SAT-LB51 The Unique Etiology and Management of a Third Cranial Nerve Palsy

Maria Magar
2020 Journal of the Endocrine Society  
Background: Cranial nerve palsies (CNP) in association with a hypophyseal process can be uni/bilateral, single, multiple, with or without visual deficits and pain. It is reported 14-30% of pituitary tumors lead to a palsy. Often the acute cause of palsy is apoplexy (1) but other rare etiologies exist such as abscess or prolactinoma (2, 3). Clinical Case: A 40 year old woman with no PMH presented to the ED for acute on chronic headaches. Two days prior she started having blurry vision in her R
more » ... y vision in her R eye. The headache improved with medications and she was sent home. Two days later she returned with new symptoms of the R eye deviating laterally and down, associated ptosis and a 6 mm nonreactive pupil. A stat MRI brain was obtained for her new CN III palsy, showing a 1.4 cm sellar mass with suprasellar extension. Further history revealed that two months prior her regular menses had stopped. Labs were obtained that included a prolactin 127 (nl 4.8-23.3); fT4 1.2 (nl .93-1.7); IGF1 129 (nl 52-328); 9 am cortisol 16.6 (nl 4-22); FSH 5.5 (nl 3.5-12.5); LH 3.8 (nl 2.4-12.6). Neurosurgery (NSGY) was consulted, recommending a trial of medical therapy since her visual fields were intact. Endocrine then advised cabergoline 0.5 mg twice weekly. In NSGY clinic ten days later, her prolactin was 0.2 but her symptoms remained the same. One month later, she was seen in Neuro-ophthalmology clinic where it was noted that her diplopia had subjectively resolved. Her eye exam was documented as normal except for sluggish pupils. Conclusion: CNP are more common in larger pituitary tumors and often associated with panhypopituitarism and necrosis. About 90% of cases resolve by one year after pituitary surgery. Although our patient had a tumor that was slightly larger than 1 cm, she did not need hormonal replacement, did not have hemorrhage/necrosis, and her symptoms resolved with a dopamine agonist. There is one other case in the literature of medically treated macroprolactinoma with resolution of CN III palsy (3). References: (1) Hage R, et al. Third, Fourth, and Sixth Cranial Nerve Palsies in Pituitary Apoplexy. World Neurosurgery. 2016; 94:447-452.(2) Wang L, et al. Pituitary abscess resulting in isolated abducens palsy. Journal of the Formosan Medical Association. 2016;115:134-135.(3) Harries A, et al. Resolution of third nerve palsy following treatment of prolactinoma with cabergoline. Acta Neurochir. 2010; 152:1741-1743.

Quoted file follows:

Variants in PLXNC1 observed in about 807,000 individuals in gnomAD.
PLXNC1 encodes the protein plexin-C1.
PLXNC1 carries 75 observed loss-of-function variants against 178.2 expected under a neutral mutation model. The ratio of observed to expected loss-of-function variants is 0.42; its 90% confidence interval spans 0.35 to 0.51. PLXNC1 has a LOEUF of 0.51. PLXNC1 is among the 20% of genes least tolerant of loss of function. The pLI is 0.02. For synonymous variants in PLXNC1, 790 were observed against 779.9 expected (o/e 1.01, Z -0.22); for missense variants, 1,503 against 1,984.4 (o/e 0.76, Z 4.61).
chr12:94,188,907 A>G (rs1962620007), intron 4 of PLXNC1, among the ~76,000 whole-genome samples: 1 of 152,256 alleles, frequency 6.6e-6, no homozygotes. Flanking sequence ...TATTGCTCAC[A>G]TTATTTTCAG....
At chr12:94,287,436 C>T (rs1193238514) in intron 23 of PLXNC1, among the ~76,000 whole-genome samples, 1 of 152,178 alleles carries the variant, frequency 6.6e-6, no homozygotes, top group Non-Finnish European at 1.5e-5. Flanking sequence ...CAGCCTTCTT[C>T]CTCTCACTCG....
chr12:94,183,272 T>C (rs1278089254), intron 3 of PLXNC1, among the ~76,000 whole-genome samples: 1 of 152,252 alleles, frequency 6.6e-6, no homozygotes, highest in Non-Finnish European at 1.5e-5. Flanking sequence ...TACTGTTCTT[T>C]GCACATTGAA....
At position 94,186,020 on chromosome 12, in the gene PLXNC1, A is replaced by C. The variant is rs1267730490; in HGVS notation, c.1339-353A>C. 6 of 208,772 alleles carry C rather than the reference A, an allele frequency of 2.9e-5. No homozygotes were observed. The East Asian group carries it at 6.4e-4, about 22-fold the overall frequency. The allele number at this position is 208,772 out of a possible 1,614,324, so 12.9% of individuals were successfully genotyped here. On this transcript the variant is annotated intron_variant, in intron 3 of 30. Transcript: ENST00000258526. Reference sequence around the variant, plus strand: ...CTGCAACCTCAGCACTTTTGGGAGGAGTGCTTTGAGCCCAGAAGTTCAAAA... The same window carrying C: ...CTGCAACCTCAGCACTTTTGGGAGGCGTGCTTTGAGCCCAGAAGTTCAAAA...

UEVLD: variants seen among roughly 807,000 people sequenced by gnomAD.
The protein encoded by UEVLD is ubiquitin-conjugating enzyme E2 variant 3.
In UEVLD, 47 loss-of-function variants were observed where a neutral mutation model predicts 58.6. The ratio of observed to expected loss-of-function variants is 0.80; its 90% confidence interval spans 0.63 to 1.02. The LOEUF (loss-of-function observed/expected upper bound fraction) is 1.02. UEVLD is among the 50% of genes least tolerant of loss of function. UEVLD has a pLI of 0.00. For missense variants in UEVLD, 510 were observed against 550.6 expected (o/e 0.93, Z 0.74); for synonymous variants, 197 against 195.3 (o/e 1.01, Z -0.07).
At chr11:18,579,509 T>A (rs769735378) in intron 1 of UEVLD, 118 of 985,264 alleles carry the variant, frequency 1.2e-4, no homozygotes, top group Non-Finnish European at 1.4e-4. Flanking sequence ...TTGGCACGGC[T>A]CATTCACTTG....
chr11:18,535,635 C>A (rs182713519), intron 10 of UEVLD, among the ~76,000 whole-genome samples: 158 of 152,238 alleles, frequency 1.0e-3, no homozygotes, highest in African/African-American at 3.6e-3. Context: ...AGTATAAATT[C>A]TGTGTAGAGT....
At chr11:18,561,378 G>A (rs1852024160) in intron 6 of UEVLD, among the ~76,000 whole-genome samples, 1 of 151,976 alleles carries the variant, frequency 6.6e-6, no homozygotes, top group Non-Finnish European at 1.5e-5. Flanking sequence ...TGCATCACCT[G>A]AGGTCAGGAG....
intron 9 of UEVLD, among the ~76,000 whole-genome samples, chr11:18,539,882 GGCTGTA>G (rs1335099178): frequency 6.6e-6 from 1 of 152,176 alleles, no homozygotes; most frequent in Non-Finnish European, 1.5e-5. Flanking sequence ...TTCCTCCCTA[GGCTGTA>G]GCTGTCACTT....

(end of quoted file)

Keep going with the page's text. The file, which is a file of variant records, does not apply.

doi:10.1210/jendso/bvaa046.2190 fatcat:qglveowigbcttakamysgyte2b4